Every now and again, a single case crystalizes an argument so powerfully that there's not much left to say. Recently, I wrote
about one such case, the triple murder (of a mother and her two daughters, aged 10 and 7) by a crack dealer with a violent history who was out on early release because of Congress's 2010 version of "sentencing reform." Had he remained in jail for his original sentence, the mother and the two kids would be alive today.
We all know that errors in sentencing are inevitable, because errors in human judgment are inevitable. Accordingly, we know that some inmates will be incarcerated too long, and others, not long enough.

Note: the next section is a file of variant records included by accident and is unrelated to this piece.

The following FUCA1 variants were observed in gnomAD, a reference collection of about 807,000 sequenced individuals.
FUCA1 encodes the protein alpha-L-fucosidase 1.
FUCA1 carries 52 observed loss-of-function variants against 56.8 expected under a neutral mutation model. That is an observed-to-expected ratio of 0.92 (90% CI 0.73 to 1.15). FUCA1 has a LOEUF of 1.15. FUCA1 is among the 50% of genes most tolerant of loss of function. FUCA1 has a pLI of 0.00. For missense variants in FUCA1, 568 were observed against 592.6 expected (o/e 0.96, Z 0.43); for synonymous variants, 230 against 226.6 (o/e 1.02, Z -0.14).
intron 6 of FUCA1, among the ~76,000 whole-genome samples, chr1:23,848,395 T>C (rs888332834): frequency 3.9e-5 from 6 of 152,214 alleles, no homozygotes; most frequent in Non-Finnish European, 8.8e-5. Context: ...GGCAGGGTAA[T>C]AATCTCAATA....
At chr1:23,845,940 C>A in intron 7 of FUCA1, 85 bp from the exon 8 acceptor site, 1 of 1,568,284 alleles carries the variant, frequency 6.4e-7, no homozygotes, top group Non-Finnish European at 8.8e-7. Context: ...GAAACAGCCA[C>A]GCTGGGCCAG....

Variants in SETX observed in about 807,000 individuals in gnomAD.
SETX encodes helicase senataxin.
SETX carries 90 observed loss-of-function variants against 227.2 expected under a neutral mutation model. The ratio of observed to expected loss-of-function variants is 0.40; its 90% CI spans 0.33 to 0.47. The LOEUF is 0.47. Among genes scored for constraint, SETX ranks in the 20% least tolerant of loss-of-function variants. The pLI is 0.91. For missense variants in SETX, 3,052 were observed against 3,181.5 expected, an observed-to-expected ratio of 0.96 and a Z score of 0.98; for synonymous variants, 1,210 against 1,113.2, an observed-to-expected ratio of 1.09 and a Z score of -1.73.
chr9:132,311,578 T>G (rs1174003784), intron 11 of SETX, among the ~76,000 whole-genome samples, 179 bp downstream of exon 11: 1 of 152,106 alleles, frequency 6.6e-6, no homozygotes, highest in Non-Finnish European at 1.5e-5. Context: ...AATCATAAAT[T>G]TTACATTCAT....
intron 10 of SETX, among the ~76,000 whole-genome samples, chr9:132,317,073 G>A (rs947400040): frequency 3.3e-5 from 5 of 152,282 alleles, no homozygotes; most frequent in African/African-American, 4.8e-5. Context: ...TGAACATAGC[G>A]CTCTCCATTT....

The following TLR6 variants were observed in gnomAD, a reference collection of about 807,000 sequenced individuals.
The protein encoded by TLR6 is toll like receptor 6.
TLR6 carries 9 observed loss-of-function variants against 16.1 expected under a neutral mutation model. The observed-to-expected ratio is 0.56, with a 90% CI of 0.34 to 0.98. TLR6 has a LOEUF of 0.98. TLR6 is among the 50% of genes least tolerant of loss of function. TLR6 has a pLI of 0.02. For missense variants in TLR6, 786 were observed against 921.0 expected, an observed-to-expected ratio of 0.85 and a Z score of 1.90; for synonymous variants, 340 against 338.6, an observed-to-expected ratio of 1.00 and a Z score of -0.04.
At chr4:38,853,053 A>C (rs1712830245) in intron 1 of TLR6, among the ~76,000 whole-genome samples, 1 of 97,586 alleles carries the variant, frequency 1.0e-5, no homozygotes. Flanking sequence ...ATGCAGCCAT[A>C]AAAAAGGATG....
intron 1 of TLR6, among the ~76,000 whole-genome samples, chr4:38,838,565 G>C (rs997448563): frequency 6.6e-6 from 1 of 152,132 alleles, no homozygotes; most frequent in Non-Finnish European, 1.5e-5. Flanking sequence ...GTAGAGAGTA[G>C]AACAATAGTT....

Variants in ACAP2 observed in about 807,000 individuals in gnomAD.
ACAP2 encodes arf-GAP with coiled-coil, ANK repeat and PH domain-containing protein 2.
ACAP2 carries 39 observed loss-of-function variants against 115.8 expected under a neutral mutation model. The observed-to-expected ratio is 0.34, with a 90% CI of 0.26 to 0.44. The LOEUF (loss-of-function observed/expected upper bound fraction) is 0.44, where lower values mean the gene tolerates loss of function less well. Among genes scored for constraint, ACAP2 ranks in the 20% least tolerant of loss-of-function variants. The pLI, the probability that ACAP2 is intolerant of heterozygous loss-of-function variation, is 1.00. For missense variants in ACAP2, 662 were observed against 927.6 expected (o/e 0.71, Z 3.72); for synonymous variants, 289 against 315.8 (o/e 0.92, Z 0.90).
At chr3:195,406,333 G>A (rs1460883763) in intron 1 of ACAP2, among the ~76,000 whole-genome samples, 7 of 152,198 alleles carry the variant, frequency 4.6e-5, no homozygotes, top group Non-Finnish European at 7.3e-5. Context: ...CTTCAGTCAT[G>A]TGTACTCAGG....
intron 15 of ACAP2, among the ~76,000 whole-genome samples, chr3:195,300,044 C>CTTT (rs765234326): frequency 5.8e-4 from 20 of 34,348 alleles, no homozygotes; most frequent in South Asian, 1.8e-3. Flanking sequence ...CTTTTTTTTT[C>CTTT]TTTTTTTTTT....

The only adult question, then, is this: Who should bear the risks and costs of inevitable error -- the criminal, who made his own choice and assumed his own risks, or the future victim, who never had a chance?
The question answers itself.
So does the question posed by Judge Jack Weinstein's most recent adventure in judicial defiance: Does a felony-level child pornographer deserve a prison sentence of zero?